Squatting every day will not improve your mobility in the absence of specific mobility work. Before you start and high frequency squatting program, I suggest loosening up your joints to prevent possible squatting-related injuries.

4. Lack Of Recovery Time

Your muscles need time to recover. This means resting and nourishing your body to replenish energy stores and repair damaged muscle. Squatting every day might not leave enough recovery time, leaving your sore, tight, and at risk of injuring yourself.

The required recovery time depends on if you use bodyweight or add extra weight. If you’re doing bodyweight squats, you won’t need as long to rest, so I suggest starting with no additional weight when you start squatting every day.

If you want to add extra weight, it will become harder to overload your squats because your muscles will not have time to fully recover between your workouts.

The American Council on Exercise recommends 48-72 hours of recovery between strength workouts. Squatting every day therefore does not leave adequate recovery time, and increases your risk of poor form and injury.

Who Should Squat Every Day?

Squatting every day is not for everyone.

Anybody who is looking to improve their squats should try squatting every day. It will allow you to improve your technique and depth. If you are an advanced lifter and can handle higher frequency training, you could benefit from squatting every day.

Those of you who hate squatting will be unlikely to enjoy squatting every day. If you lack decent mobility in your lower body, or are untrained, I suggest starting with a lower frequency first, and building up from there.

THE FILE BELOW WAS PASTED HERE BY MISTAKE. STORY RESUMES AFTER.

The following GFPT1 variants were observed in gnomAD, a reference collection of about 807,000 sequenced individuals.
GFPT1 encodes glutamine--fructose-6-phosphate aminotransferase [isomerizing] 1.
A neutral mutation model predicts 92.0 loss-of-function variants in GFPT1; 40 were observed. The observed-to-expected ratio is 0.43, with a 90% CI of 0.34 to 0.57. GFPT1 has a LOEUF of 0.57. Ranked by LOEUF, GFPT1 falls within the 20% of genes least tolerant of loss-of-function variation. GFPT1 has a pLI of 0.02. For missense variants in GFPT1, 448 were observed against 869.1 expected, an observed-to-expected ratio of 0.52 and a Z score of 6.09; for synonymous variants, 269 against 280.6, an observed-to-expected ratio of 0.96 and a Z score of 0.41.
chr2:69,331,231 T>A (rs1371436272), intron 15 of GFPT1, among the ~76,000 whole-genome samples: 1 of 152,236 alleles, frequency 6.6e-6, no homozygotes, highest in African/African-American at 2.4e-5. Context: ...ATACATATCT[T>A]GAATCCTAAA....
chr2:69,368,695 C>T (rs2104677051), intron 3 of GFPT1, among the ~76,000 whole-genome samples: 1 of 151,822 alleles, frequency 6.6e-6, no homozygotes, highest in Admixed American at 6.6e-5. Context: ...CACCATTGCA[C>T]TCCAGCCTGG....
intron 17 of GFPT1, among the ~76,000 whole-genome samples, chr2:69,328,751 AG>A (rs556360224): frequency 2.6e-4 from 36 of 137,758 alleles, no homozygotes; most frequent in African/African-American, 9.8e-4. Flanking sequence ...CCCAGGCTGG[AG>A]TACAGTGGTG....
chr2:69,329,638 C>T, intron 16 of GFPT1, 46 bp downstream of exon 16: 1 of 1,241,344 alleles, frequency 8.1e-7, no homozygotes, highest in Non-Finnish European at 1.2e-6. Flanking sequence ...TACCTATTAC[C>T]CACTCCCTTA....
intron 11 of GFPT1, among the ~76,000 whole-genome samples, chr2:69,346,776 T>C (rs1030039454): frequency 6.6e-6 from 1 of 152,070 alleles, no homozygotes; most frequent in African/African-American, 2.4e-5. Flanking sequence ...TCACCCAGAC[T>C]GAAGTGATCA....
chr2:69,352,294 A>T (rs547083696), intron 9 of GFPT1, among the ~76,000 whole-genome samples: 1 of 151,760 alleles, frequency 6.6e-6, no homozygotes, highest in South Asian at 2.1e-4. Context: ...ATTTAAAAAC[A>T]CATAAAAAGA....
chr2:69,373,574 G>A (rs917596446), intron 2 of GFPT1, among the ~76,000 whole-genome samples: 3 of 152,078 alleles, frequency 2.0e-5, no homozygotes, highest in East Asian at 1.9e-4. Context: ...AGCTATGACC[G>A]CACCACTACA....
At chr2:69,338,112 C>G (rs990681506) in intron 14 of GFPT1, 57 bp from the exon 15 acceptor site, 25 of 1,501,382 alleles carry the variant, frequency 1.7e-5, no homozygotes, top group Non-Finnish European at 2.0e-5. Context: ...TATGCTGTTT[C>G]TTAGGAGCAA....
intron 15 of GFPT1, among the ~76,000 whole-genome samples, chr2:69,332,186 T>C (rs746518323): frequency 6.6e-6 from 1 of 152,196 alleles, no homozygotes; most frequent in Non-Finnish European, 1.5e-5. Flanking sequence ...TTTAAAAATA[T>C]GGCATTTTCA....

Squatting Every Day Programming

Depending on your goal, the way you program your squats will change the number of reps and load that you use.

The table below shows examples of a one-week program for two different goals. If your goal is to improve technique, focus on slower, controlled movements. For strength gain, focus on increasing the load and including heavy singles.

squatting every day reasons and science


Improve your squatting technique

Improve your squat STRENGTH


Back squat

3 x 5 50% 1RM

Back squat

3 x 3 60% 1RM


Box squat

3 x 3 70% 1RM

Back squat

3 x 1 90% 1RM


Pause back squat

3 x 2 60% 1RM

Back squat

3 x 3 70% 1RM


Back squat

3 x 5 50% 1RM

Back squat

3 x 3 60% 1RM


Box squat

3 x 3 70% 1RM

Back squat

3 x 1 90% 1RM


Pause back squat

3 x 2 60% 1RM

Back squat

3 x 3 70% 1RM


Slow tempo squats

3 x 3 50% 1RM

Back squat

3 x 1 90% 1RM

Frequently Asked Questions

Is It Bad To Squat Every Day?

Studies have shown that low frequency training is more beneficial for those who are untrained or elderly. However, other studies suggest that high frequency training can contribute to increases in strength [1].

As I discussed above, there are a number of benefits and drawbacks to squatting every day. It depends on your current training abilities, and your preferences and goals.